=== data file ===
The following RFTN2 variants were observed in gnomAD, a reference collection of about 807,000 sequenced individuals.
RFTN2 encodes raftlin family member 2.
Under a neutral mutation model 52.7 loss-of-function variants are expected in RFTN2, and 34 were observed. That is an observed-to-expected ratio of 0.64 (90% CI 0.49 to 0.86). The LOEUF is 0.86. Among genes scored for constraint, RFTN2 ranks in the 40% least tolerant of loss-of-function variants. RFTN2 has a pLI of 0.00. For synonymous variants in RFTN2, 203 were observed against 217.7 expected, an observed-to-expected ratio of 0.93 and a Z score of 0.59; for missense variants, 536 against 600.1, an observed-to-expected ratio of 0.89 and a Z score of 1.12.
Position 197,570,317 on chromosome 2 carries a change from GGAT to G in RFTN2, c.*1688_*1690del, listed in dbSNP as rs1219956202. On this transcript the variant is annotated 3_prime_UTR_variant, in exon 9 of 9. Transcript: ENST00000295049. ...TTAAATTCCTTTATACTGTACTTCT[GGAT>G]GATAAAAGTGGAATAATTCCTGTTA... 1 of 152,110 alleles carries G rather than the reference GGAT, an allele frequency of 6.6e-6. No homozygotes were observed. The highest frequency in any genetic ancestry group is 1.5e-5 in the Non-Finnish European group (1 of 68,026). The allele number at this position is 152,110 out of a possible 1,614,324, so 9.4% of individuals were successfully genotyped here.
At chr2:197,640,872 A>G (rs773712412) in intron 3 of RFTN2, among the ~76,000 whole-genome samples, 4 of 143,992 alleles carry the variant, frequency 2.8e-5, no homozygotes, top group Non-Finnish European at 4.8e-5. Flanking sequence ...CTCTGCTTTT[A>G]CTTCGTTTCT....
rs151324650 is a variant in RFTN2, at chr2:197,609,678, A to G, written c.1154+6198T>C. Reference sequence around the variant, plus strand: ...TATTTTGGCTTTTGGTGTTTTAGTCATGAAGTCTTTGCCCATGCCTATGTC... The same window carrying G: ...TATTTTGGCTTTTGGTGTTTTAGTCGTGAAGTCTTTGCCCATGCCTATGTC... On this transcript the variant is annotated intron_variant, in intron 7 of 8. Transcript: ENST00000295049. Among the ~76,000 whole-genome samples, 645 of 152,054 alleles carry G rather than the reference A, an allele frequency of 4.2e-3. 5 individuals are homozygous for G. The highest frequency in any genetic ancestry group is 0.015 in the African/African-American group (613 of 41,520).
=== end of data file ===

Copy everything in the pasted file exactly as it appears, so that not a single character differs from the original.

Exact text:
The following RFTN2 variants were observed in gnomAD, a reference collection of about 807,000 sequenced individuals.
RFTN2 encodes raftlin family member 2.
Under a neutral mutation model 52.7 loss-of-function variants are expected in RFTN2, and 34 were observed. That is an observed-to-expected ratio of 0.64 (90% CI 0.49 to 0.86). The LOEUF is 0.86. Among genes scored for constraint, RFTN2 ranks in the 40% least tolerant of loss-of-function variants. RFTN2 has a pLI of 0.00. For synonymous variants in RFTN2, 203 were observed against 217.7 expected, an observed-to-expected ratio of 0.93 and a Z score of 0.59; for missense variants, 536 against 600.1, an observed-to-expected ratio of 0.89 and a Z score of 1.12.
Position 197,570,317 on chromosome 2 carries a change from GGAT to G in RFTN2, c.*1688_*1690del, listed in dbSNP as rs1219956202. On this transcript the variant is annotated 3_prime_UTR_variant, in exon 9 of 9. Transcript: ENST00000295049. ...TTAAATTCCTTTATACTGTACTTCT[GGAT>G]GATAAAAGTGGAATAATTCCTGTTA... 1 of 152,110 alleles carries G rather than the reference GGAT, an allele frequency of 6.6e-6. No homozygotes were observed. The highest frequency in any genetic ancestry group is 1.5e-5 in the Non-Finnish European group (1 of 68,026). The allele number at this position is 152,110 out of a possible 1,614,324, so 9.4% of individuals were successfully genotyped here.
At chr2:197,640,872 A>G (rs773712412) in intron 3 of RFTN2, among the ~76,000 whole-genome samples, 4 of 143,992 alleles carry the variant, frequency 2.8e-5, no homozygotes, top group Non-Finnish European at 4.8e-5. Flanking sequence ...CTCTGCTTTT[A>G]CTTCGTTTCT....
rs151324650 is a variant in RFTN2, at chr2:197,609,678, A to G, written c.1154+6198T>C. Reference sequence around the variant, plus strand: ...TATTTTGGCTTTTGGTGTTTTAGTCATGAAGTCTTTGCCCATGCCTATGTC... The same window carrying G: ...TATTTTGGCTTTTGGTGTTTTAGTCGTGAAGTCTTTGCCCATGCCTATGTC... On this transcript the variant is annotated intron_variant, in intron 7 of 8. Transcript: ENST00000295049. Among the ~76,000 whole-genome samples, 645 of 152,054 alleles carry G rather than the reference A, an allele frequency of 4.2e-3. 5 individuals are homozygous for G. The highest frequency in any genetic ancestry group is 0.015 in the African/African-American group (613 of 41,520).